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Rural Internet is the access to the Internet from rural areas (also referred to as "the country" or "countryside"), which are settled places outside towns and cities. Its rollout is important for overcoming the disadvantages of the digital divide
Most rural access to Internet is voiceband by 56k modem but poor phone lines in many rural areas, many of them installed or last upgraded between the 1930s and the 1960s, may limit actual download speeds to 23-26k or less. Since many of these lines serve relatively few customers, phone company maintenance and speed of repair of these lines has actually degraded and their upgrade for modern quality requirements is unlikely.
Methods for broadband Internet access include:
- Mobile Internet (broadband if High Speed Packet Access or higher)
- Power-line Internet
- Satellite Internet
- ADSL loop extender
In the United States Edit
The United States Department of Agriculture’s Economic Research Service has provided numerous studies and data on the Internet in rural America. One such article from the Agricultural Outlook magazine, Communications & the Internet in Rural America, summarizes internet uses in rural areas of the United States in 2002. It indicates, "Internet use by rural and urban households has also increased significantly during the 1990s, so significantly that it has one of the fastest rates of adoption for any household service."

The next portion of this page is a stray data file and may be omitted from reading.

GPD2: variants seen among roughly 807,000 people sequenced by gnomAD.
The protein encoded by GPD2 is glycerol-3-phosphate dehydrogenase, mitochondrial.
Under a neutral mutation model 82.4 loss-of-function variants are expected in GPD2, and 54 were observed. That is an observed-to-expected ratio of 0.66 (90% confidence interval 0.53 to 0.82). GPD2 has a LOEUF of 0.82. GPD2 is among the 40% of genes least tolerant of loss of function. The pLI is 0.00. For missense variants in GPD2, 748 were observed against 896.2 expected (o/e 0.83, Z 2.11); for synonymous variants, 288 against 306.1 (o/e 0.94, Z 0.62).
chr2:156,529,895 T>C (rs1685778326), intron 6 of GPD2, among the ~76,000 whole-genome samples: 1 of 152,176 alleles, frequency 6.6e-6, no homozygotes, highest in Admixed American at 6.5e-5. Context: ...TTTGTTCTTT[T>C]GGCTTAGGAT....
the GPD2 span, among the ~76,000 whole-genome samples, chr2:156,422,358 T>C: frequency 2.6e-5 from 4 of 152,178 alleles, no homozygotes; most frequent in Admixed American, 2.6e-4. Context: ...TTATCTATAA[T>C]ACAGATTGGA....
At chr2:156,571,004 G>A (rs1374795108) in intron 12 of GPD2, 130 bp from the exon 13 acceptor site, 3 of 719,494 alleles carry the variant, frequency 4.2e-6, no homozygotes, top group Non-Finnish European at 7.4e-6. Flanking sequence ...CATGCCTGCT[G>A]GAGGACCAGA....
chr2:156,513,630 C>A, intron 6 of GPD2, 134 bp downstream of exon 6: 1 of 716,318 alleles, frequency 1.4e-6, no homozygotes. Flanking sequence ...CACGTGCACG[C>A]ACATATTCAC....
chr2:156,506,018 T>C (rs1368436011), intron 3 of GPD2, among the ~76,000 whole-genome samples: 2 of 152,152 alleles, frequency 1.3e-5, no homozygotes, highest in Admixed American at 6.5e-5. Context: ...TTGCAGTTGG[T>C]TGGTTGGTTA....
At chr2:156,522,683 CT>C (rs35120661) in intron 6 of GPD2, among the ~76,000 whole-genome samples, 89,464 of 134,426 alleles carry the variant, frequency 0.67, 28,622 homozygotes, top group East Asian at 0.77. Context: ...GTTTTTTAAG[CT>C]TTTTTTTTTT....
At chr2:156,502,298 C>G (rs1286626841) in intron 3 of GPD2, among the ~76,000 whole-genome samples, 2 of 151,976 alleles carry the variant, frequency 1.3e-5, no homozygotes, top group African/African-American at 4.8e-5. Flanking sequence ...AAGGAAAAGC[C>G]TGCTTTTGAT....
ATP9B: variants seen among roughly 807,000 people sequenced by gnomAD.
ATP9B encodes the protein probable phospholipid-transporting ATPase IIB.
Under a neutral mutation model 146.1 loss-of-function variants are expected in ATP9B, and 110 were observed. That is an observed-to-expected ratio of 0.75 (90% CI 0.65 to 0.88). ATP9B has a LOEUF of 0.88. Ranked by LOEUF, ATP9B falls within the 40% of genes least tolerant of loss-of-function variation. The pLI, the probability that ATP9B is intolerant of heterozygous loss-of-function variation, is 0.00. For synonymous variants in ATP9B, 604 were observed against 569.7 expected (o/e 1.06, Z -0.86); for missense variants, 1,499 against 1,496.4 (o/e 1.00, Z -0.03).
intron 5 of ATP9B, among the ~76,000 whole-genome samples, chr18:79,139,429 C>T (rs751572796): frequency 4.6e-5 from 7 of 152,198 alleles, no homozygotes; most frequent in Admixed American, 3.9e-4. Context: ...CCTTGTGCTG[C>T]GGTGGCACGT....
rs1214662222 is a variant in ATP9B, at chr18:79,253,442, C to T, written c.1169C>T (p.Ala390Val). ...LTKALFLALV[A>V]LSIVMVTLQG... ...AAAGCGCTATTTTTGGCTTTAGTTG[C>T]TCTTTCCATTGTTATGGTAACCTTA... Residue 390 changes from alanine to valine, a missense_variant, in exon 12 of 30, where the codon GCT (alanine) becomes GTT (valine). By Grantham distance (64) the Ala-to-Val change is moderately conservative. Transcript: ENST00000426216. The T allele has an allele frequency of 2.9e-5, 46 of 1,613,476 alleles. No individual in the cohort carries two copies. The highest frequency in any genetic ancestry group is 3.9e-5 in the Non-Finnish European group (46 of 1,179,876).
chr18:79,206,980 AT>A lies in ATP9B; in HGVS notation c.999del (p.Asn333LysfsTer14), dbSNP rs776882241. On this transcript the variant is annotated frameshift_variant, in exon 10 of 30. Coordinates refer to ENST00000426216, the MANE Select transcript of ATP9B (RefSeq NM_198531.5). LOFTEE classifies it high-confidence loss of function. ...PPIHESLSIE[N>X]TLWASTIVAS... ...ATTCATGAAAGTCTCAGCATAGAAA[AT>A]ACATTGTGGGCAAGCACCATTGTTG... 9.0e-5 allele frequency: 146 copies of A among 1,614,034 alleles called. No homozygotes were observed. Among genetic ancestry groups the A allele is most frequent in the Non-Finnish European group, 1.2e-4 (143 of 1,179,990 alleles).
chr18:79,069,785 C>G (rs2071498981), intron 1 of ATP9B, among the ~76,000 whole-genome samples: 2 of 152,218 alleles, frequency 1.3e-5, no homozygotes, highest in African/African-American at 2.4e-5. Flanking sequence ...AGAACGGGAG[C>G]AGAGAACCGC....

Another area for inclusion of the Internet is American farming. One study reviewed data from 2003 and found that "56 percent of farm operators used the Internet while 31 percent of rural workers used it at their place of work." In later years challenges to economical rural telecommunications remain. People in inner city areas are closer together, so the access network to connect them is shorter and cheaper to build and maintain, while rural areas require more equipment per customer. However, even with this challenge the demand for services continues to grow.
In Spain Edit
In Spain, the Guifi.net project has been for some people the only alternative to get access to the Internet. Usually, neighbors are the responsible to collect the necessary money to buy the network equipment that will do a Wireless link with another zone that has already internet. There have also been cases in which the own city council has invested in the infrastructure.
- ↑  "Communications & the Internet in Rural America." (June-July 2002). Agricultural Outlook . pp. 23-26. Retrieved December 30, 2008.
- ↑  "Internet on the Range." (February 2006). Amber Waves. Retrieved December 30, 2008.
- ↑  Stenberg, Peter L. (July 2006). "Infrastructure in Rural Areas: Telecommunications." ‘’Profitwise News and Views Special Edition’’. pp 33-36. Federal Reserve Bank of Chicago. Retrieved December 30, 2008.
See also Edit
- “Rural Telecommunications Briefing Room.” (February 9, 2006). Economic Research Service. Retrieved December 30, 2008.
- “Telecommunications Resources.” (August 22, 2008). National Agricultural Library. Rural Information Center. Retrieved December 30, 2008.
- Rural Satellite Internet Providers in the United States
- Rural Satellite Internet Provider in Central America